But in the following scene Amanda Seyfried and her fiance… let’s just call him no name guy… are in the office of their parish priest; played by Robin Williams, who makes a joke about all the Chinese people at Harvard. (side-splitting comedy it is not)  So the no name guy begins to insult the priest in a Chinese dialect but before he can say the foul word he’s working up to, his wife-to-be kicks him just in time. Whew. This is all in subtitles of course and I’m guessing Amanda could also see the subtitles and feared that Robin was going to read them as well..

So let’s see… Crass? check…. Racist? check… Stupid? check… Embarrassingly bad? check.

Waste of time?

Turn it off?

Skip it? check. check. check.

And now for something completely different…

Another Earth (2011 Fox Searchlight Pictures)

Another Earth

Directed by Mike Cahill

Written by Mike Cahill and Brit Marling

Starring Brit Marling & William Mapother

To make up for the last movie I included a bonus one. The bonus movie this time out was recommended by a twitter follower (twitterer, twitter friend) It’s called Another Earth and it is the first feature film by writer/directors Mike Cahill and Brit Marling (who also stars in the film)

Another Earth

She’s got a ticket to ride…

Another Earth is a fantastic little film about the discovery of… another Earth. It reminded me of Melancholia in a lot of ways but it was not quite as trippy as all that. At that exact moment there is a huge bit of tragedy that happens. And those two things make for a great story and a great movie.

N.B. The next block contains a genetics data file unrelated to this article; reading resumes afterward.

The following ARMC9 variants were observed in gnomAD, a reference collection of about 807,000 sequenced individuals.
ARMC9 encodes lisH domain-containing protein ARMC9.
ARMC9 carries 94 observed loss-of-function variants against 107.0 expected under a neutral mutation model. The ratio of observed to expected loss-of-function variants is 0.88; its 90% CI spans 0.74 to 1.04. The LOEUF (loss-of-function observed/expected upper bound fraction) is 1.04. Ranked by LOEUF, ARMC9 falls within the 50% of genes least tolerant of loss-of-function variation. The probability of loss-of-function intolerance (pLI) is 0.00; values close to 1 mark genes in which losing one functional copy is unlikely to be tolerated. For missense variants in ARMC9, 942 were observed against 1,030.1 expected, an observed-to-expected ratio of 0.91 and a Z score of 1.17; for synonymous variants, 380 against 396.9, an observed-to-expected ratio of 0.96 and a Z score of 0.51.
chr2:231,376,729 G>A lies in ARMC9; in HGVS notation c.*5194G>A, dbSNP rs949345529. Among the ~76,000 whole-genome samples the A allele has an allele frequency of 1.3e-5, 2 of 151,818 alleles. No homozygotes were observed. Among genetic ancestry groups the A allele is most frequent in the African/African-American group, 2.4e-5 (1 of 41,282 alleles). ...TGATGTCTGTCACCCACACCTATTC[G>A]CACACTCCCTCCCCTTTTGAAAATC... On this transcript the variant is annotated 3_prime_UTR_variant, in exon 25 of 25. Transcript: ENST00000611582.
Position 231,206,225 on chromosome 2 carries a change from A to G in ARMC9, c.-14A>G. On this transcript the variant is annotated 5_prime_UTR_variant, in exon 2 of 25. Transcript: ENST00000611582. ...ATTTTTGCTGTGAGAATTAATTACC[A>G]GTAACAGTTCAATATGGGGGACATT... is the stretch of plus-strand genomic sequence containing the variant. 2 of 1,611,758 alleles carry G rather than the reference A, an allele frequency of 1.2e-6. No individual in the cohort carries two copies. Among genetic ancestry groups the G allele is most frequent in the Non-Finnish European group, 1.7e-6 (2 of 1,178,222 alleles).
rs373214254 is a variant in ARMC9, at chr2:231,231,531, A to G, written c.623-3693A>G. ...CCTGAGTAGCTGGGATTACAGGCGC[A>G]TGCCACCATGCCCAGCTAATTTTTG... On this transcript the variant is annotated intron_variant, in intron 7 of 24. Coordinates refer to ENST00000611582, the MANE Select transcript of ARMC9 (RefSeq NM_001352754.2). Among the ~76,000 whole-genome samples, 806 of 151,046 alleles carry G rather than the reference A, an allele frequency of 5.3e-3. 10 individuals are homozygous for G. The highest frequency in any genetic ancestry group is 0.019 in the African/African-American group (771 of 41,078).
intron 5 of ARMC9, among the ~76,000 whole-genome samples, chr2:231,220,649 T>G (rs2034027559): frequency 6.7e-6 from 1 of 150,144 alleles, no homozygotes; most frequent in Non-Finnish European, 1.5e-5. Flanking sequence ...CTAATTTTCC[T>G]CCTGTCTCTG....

Another Earth

I love pictures of planets in the sky that are as big as the moon

Another earth is a great story with some heady and very deep themes. There are fine performances, a thought-provoking premise and story development that left me speechless. I love it when a movie does that; leaves me speechless.

Another Earth

Brit Marling is wonderful in Another Earth. I can’t wait to see more of her work.

It’s one of those films where everyone will get something different out of it. Sure, it’s about redemption. It’s about forgiveness. But it’s also about discovery. And about courage. All with a beautiful soundtrack. I highly recommend it.

But leave your astrophysics degree out of it. Another Earth is a fantasy. It is a parable. It is not meant to be scientifically accurate. Fact.

Rent it. (Yet another movie to add to my collection)

So to Recap: